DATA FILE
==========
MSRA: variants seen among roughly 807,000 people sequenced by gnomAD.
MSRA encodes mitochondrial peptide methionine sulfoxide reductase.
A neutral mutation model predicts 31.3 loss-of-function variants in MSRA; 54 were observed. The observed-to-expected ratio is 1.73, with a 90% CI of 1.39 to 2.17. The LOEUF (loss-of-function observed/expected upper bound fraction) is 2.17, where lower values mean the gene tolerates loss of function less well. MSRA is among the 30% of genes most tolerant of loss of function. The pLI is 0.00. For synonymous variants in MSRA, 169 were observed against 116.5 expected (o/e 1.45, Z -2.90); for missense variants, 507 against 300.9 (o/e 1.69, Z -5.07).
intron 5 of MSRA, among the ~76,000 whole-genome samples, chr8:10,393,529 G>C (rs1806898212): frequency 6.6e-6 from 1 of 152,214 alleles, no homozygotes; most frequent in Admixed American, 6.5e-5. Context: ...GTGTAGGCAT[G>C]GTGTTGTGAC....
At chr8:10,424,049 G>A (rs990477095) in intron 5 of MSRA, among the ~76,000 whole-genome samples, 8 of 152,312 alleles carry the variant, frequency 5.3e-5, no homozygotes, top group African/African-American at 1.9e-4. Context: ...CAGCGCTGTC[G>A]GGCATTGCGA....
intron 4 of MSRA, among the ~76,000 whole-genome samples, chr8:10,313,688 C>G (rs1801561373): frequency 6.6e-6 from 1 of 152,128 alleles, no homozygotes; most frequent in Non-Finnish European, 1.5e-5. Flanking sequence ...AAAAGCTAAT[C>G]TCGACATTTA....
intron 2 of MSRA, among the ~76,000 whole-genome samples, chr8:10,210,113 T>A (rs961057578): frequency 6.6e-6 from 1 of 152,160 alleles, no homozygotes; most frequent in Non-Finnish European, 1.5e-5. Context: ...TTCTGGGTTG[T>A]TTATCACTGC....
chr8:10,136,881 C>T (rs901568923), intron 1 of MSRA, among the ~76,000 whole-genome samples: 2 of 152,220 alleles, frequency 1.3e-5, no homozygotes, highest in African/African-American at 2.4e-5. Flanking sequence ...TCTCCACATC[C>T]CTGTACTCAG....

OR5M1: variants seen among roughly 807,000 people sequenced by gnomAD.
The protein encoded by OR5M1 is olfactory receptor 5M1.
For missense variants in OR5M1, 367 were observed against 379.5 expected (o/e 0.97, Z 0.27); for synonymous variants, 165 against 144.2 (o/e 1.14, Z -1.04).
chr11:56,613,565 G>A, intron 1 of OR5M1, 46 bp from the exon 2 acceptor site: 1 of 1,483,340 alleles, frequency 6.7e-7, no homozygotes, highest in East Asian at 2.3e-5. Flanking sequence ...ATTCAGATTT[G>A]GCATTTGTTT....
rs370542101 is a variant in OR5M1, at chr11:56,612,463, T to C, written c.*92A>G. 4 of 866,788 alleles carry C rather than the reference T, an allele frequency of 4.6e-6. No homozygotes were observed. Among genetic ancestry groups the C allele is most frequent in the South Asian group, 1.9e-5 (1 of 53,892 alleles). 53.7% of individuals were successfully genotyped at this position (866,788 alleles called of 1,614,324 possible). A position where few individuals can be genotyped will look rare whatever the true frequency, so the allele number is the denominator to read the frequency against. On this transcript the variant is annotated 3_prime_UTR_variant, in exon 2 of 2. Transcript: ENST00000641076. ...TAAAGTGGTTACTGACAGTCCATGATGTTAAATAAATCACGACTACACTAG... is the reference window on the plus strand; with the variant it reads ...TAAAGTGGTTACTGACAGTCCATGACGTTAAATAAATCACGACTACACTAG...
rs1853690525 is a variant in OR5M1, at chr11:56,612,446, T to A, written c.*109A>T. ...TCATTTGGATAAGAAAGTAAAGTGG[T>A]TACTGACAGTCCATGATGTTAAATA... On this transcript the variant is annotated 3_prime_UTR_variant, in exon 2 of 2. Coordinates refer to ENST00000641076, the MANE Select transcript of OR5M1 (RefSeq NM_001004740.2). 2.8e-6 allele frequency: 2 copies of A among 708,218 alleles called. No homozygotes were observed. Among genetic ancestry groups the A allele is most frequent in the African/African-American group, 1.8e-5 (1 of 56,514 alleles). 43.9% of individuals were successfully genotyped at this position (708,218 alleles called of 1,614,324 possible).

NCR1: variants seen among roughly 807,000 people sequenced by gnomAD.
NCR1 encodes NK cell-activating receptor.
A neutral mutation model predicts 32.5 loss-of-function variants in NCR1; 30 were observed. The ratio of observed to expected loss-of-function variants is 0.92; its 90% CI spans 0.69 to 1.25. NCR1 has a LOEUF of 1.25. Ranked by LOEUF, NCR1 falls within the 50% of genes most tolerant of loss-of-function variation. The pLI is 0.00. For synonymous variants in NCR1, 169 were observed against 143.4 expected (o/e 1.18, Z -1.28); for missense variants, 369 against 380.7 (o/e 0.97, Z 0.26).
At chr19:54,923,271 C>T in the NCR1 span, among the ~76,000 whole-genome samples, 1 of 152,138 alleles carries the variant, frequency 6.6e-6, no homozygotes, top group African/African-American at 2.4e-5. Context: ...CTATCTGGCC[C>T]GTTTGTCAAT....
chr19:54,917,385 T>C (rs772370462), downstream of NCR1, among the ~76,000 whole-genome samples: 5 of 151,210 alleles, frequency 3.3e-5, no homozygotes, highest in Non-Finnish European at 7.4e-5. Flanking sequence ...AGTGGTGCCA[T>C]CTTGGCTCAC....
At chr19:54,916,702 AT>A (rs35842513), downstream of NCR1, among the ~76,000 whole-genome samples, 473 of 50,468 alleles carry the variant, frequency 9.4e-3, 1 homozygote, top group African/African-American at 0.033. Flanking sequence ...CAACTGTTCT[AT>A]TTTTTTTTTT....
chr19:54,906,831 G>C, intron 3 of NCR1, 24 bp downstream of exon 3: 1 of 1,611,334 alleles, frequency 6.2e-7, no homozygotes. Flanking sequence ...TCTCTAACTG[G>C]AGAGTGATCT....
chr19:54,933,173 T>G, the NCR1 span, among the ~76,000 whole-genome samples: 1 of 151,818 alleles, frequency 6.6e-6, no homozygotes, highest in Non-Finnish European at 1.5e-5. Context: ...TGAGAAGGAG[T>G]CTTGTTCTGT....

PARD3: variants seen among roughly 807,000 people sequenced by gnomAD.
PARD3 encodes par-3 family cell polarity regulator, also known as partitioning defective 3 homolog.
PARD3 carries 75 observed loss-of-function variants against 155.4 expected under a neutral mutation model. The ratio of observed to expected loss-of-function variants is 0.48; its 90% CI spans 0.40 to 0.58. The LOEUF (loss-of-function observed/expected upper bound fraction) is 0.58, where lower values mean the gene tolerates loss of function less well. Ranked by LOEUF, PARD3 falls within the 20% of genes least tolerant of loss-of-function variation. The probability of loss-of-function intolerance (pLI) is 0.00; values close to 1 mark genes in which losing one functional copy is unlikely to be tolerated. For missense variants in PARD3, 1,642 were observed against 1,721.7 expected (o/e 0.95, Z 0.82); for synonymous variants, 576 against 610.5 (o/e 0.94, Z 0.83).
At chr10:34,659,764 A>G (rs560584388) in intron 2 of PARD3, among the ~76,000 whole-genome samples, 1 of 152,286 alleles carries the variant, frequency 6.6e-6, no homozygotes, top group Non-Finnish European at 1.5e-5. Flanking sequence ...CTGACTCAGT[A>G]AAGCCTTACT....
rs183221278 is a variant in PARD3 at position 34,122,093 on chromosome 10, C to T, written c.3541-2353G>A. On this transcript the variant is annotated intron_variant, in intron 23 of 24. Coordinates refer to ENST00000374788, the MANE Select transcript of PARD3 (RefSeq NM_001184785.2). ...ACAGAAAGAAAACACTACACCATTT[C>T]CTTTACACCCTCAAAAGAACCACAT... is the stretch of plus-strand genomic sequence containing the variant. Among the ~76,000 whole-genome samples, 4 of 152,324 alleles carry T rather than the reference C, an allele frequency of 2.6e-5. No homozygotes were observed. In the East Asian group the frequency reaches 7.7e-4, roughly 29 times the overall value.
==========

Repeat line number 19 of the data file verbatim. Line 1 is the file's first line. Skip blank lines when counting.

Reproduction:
chr19:54,917,385 T>C (rs772370462), downstream of NCR1, among the ~76,000 whole-genome samples: 5 of 151,210 alleles, frequency 3.3e-5, no homozygotes, highest in Non-Finnish European at 7.4e-5. Flanking sequence ...AGTGGTGCCA[T>C]CTTGGCTCAC....